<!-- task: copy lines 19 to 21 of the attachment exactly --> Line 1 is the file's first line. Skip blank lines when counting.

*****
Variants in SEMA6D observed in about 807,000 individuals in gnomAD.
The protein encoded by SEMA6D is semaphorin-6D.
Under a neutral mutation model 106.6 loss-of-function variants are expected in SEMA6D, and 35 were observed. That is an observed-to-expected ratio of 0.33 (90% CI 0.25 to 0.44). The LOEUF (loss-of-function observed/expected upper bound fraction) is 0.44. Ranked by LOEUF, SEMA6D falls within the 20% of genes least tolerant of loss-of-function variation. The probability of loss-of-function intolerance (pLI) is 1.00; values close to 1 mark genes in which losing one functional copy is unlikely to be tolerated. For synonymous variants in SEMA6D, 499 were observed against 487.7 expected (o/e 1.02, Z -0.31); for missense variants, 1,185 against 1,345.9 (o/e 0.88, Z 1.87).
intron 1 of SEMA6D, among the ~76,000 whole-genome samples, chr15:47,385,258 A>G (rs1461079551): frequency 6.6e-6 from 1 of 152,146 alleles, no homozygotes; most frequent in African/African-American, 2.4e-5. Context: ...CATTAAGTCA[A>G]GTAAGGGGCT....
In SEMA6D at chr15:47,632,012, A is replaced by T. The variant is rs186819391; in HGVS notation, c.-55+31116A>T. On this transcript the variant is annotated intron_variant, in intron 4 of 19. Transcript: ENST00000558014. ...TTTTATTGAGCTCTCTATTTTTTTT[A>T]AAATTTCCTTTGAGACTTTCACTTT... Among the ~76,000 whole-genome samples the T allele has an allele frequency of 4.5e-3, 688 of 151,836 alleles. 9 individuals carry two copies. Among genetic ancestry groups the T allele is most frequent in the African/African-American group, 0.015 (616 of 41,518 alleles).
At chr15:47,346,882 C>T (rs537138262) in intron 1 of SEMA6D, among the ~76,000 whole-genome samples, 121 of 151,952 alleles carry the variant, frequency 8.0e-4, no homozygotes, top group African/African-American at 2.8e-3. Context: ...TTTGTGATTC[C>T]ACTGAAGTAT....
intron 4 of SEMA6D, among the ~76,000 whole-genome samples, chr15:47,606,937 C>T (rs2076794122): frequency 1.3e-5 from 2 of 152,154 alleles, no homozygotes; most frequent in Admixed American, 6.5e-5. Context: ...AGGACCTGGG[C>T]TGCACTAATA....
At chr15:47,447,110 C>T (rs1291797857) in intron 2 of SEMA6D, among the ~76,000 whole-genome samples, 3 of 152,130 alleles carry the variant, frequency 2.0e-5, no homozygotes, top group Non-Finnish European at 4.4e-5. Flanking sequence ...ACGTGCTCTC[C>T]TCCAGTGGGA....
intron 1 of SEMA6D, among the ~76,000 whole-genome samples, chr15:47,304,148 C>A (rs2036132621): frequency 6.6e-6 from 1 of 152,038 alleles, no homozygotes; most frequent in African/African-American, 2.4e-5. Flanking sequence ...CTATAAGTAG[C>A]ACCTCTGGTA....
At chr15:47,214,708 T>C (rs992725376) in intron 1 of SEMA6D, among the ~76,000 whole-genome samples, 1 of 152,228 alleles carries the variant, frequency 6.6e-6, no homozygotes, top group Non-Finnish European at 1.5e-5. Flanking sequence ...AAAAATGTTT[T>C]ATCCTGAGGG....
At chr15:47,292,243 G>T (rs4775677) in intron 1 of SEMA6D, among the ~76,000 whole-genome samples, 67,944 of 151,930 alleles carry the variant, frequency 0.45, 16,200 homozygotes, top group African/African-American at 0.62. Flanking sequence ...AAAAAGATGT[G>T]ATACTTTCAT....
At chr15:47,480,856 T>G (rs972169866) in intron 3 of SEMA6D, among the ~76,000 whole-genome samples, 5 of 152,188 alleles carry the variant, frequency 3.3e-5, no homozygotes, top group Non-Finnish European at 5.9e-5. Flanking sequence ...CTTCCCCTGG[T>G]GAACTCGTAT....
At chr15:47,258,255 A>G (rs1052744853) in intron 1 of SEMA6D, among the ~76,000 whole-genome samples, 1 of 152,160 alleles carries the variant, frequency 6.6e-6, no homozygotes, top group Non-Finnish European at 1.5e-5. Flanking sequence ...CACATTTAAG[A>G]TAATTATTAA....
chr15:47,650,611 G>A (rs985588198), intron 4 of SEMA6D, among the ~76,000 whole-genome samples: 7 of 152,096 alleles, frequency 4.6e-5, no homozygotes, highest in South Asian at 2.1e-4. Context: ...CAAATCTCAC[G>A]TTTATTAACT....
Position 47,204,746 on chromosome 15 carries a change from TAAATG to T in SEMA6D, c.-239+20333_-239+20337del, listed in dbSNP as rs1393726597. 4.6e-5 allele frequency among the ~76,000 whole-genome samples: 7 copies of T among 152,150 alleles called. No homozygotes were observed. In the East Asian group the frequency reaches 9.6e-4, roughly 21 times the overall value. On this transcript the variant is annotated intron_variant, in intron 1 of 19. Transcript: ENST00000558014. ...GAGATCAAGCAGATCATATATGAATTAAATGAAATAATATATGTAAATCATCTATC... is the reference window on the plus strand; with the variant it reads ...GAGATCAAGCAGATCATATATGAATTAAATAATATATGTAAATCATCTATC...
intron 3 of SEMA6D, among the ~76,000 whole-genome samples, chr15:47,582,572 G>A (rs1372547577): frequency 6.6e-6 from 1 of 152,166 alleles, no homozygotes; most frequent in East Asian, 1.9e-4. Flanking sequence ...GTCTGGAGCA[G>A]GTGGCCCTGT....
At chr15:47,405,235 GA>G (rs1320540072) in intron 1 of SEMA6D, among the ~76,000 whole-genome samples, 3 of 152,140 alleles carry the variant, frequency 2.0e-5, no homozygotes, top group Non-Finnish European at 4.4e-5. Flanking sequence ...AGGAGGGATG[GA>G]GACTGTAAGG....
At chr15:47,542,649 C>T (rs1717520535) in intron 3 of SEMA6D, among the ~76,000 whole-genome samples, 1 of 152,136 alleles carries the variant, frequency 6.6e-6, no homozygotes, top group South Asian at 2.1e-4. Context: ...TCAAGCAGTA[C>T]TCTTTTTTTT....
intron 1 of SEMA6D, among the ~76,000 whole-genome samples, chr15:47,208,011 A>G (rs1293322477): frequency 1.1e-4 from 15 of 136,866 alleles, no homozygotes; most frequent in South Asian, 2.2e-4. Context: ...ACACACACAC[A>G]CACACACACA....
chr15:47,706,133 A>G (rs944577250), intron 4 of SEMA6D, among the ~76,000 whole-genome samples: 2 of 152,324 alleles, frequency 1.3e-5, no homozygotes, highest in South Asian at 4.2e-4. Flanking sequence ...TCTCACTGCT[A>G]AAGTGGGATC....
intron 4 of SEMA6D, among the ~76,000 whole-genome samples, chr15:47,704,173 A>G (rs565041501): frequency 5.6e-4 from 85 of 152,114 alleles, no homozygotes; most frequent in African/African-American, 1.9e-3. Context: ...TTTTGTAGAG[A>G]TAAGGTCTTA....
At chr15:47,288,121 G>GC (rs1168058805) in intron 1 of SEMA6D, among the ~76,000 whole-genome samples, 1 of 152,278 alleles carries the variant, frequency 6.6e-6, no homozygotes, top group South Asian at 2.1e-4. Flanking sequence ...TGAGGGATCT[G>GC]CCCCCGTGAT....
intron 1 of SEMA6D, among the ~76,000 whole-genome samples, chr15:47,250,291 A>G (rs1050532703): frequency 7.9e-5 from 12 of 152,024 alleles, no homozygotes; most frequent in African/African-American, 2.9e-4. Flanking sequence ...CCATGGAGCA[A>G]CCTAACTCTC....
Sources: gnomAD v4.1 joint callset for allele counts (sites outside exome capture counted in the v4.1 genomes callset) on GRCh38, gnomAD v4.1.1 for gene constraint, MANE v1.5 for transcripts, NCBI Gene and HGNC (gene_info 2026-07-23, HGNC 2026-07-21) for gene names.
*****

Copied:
intron 1 of SEMA6D, among the ~76,000 whole-genome samples, chr15:47,208,011 A>G (rs1293322477): frequency 1.1e-4 from 15 of 136,866 alleles, no homozygotes; most frequent in South Asian, 2.2e-4. Context: ...ACACACACAC[A>G]CACACACACA....
chr15:47,706,133 A>G (rs944577250), intron 4 of SEMA6D, among the ~76,000 whole-genome samples: 2 of 152,324 alleles, frequency 1.3e-5, no homozygotes, highest in South Asian at 4.2e-4. Flanking sequence ...TCTCACTGCT[A>G]AAGTGGGATC....
intron 4 of SEMA6D, among the ~76,000 whole-genome samples, chr15:47,704,173 A>G (rs565041501): frequency 5.6e-4 from 85 of 152,114 alleles, no homozygotes; most frequent in African/African-American, 1.9e-3. Context: ...TTTTGTAGAG[A>G]TAAGGTCTTA....